Together τA and A are the optical depth of the atmosphere The optical depth is a kind of proxy measure of the greenhouse effect. Global warming says that more CO2 will increase the optical depth. Miskolczi showed that available empirical measurements of the optical depth are consistent with no change in 61 years. This means that even though CO2 has increased over the 61 years of measurement and increased the optical depth slightly, “variations in water vapor column amounts” [Figure 11, Miskolczi 2010] have decreased the optical depth by a similar amount. Paltridge et al.23 have confirmed a decrease in water vapor for this period.
 If the optical depth has not increased overall, it suggests the slight warming of the 20th C has not been due to an increase in the greenhouse effect.
In addition Miskolczi also finds no positive feedback from water vapor on atmospheric long-wave radiation absorption, which negates what the models have predicted; this lack of positive feedback has been confirmed by the missing ‘Tropical hot spot’ [see section 6].

5      McShane and Wyner24 – The Hockeystick is broken

Figure 6. McShane&Wyner, page 36

Blakeley McShane and Abraham Wyner attempted to replicate Michael Mann’s infamous hockeystick using Mann’s own data. The hockeystick first appeared in Mann’s 1998 paper and has been a centre-piece of global warming evidence ever since. The hockeystick is important because it supposedly shows recent warming is exceptional and “unprecedented”. The hockeystick is based on dendro-climatic proxies or tree-rings which supposedly provide evidence for past temperatures. Mann’s hockeystick shows basically flat temperature until the 20th C and then a sudden and rapid increase.
Mann’s data was highly problematic. Mann had used the wrong type of tree, and at times, hardly any samples. Some of the tree-ring records even show the opposite “temperature” trend to what thermometers show suggesting those trees don’t make a good or accurate alternative to thermometers.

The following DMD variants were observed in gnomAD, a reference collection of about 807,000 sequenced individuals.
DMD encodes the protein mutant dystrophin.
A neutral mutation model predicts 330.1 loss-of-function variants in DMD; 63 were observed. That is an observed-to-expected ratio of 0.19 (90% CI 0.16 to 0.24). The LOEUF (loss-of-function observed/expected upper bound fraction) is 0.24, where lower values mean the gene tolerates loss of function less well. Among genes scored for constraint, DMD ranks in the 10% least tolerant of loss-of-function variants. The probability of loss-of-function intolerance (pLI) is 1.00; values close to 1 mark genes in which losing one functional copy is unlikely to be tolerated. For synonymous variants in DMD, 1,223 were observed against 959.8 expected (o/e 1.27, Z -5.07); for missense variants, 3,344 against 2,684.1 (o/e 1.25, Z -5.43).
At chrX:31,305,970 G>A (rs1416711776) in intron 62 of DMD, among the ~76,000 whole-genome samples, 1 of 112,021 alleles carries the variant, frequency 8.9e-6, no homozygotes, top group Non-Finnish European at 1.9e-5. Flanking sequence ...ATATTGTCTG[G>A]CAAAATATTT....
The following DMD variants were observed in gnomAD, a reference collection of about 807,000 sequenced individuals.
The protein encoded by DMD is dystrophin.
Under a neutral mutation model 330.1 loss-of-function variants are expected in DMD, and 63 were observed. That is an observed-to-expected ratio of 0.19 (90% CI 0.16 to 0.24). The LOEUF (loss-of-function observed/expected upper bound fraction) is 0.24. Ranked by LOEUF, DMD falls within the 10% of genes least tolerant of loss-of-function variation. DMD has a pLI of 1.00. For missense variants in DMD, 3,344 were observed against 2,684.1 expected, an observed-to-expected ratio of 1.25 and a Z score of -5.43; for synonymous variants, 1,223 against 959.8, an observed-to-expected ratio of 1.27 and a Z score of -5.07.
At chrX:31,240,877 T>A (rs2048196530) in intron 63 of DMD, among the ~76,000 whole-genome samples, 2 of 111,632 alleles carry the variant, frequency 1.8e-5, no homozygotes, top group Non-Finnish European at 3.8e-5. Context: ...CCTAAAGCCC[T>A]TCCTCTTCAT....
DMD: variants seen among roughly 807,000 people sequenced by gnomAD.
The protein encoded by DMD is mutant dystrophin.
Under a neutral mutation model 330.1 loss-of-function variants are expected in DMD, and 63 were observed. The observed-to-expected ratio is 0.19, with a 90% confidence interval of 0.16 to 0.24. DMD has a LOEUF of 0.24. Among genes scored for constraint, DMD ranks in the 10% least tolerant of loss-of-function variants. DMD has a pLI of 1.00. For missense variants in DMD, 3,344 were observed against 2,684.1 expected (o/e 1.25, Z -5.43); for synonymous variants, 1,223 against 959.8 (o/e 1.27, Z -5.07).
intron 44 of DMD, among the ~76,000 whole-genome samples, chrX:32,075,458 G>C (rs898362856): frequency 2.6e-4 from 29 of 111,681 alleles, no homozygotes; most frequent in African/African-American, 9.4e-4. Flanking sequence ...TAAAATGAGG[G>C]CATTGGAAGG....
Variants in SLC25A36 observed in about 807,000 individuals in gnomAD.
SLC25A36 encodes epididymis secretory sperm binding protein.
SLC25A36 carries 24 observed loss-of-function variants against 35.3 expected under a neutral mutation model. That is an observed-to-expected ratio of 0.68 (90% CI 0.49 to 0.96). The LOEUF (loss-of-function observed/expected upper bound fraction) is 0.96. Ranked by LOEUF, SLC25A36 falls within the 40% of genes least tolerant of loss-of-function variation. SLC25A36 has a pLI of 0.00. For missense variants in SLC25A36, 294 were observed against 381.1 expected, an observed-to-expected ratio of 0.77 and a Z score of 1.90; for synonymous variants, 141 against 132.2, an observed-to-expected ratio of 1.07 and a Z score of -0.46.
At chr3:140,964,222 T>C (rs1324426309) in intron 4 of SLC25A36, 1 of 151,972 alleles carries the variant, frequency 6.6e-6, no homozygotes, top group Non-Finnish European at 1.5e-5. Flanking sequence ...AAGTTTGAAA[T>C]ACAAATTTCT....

McShane &Wyner tried to create the same graph from the same data, but, as Figure 5 above shows, could not. They conclude:
“Using our model, we calculate that there is a 36% posterior probability that 1998 was the warmest year over the past thousand. If we consider rolling decades, 1997-2006 is the warmest on record; our model gives an 80% chance that it was the warmest in the past thousand years. Finally, if we look at rolling thirty-year blocks, the posterior probability that the last thirty years (again, the warmest on record) were the warmest over the past thousand is 38%.”[page 37]
So, even using Mann’s dubious data and employing a variety of statistical methods, McShane & Wyner’s model suggests that there is only an 80% chance that one recent decade was the warmest of the last 1000 years, and 1998 is most likely not the warmest year [64% against] and the last 30 year period, is also unlikely to have been the warmest [62% against]. In other words, the type of weather we have now has all occurred before, and in the not too distant past when CO2 was supposedly low.
The paper correctly describes the importance of the hockeystick not only to global warming but also Green policies:
 “the effort of world governments to pass legislation to cut carbon to pre-industrial levels cannot proceed without the consent of the governed and historical reconstructions from paleoclimatological models [ie hockeysticks] have indeed proven persuasive and effective at winning the hearts and minds of the populace.” [page 2]
It would seem the hearts and minds have been won with false promises.
In recognition of the importance of McShane & Wyner’s paper it was published as an edition discussion piece in Annals of Applied Statistics25 As well as the original paper 15 discussion papers were included in the edition.
Two salient points emerge from this discussion. The first is noted in McIntyre and McKitrick’s comment where they say:
McShane & Wyner’s results are, in a sense, a best case as they assume that the quality of the data set is satisfactory [page 4]
In fact, as noted, the data was not satisfactory. The significance of this is that the ‘science’ of the hockeystick is the data; the data is the proxy for the climatic processes which are analysed in McShane & Wyner’s statistical overview.